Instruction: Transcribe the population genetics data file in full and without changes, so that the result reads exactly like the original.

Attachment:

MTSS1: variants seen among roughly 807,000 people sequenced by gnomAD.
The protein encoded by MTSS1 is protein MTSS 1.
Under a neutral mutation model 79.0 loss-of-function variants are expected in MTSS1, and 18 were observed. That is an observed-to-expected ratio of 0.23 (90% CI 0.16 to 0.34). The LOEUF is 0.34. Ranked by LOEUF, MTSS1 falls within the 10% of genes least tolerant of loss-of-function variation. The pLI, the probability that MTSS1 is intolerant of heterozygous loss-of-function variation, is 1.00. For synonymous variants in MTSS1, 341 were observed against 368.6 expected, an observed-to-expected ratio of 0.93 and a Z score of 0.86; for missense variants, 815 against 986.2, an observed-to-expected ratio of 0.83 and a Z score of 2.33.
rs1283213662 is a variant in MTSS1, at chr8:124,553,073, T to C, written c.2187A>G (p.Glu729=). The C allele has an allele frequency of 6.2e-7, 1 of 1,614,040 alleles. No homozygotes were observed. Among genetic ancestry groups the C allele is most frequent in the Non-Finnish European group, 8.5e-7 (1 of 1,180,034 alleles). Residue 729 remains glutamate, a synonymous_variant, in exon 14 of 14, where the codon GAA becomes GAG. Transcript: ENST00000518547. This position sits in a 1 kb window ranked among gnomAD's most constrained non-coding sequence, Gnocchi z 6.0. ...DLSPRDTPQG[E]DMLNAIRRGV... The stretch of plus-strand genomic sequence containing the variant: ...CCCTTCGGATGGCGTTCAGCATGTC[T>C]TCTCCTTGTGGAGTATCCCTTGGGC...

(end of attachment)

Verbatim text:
MTSS1: variants seen among roughly 807,000 people sequenced by gnomAD.
The protein encoded by MTSS1 is protein MTSS 1.
Under a neutral mutation model 79.0 loss-of-function variants are expected in MTSS1, and 18 were observed. That is an observed-to-expected ratio of 0.23 (90% CI 0.16 to 0.34). The LOEUF is 0.34. Ranked by LOEUF, MTSS1 falls within the 10% of genes least tolerant of loss-of-function variation. The pLI, the probability that MTSS1 is intolerant of heterozygous loss-of-function variation, is 1.00. For synonymous variants in MTSS1, 341 were observed against 368.6 expected, an observed-to-expected ratio of 0.93 and a Z score of 0.86; for missense variants, 815 against 986.2, an observed-to-expected ratio of 0.83 and a Z score of 2.33.
rs1283213662 is a variant in MTSS1, at chr8:124,553,073, T to C, written c.2187A>G (p.Glu729=). The C allele has an allele frequency of 6.2e-7, 1 of 1,614,040 alleles. No homozygotes were observed. Among genetic ancestry groups the C allele is most frequent in the Non-Finnish European group, 8.5e-7 (1 of 1,180,034 alleles). Residue 729 remains glutamate, a synonymous_variant, in exon 14 of 14, where the codon GAA becomes GAG. Transcript: ENST00000518547. This position sits in a 1 kb window ranked among gnomAD's most constrained non-coding sequence, Gnocchi z 6.0. ...DLSPRDTPQG[E]DMLNAIRRGV... The stretch of plus-strand genomic sequence containing the variant: ...CCCTTCGGATGGCGTTCAGCATGTC[T>C]TCTCCTTGTGGAGTATCCCTTGGGC...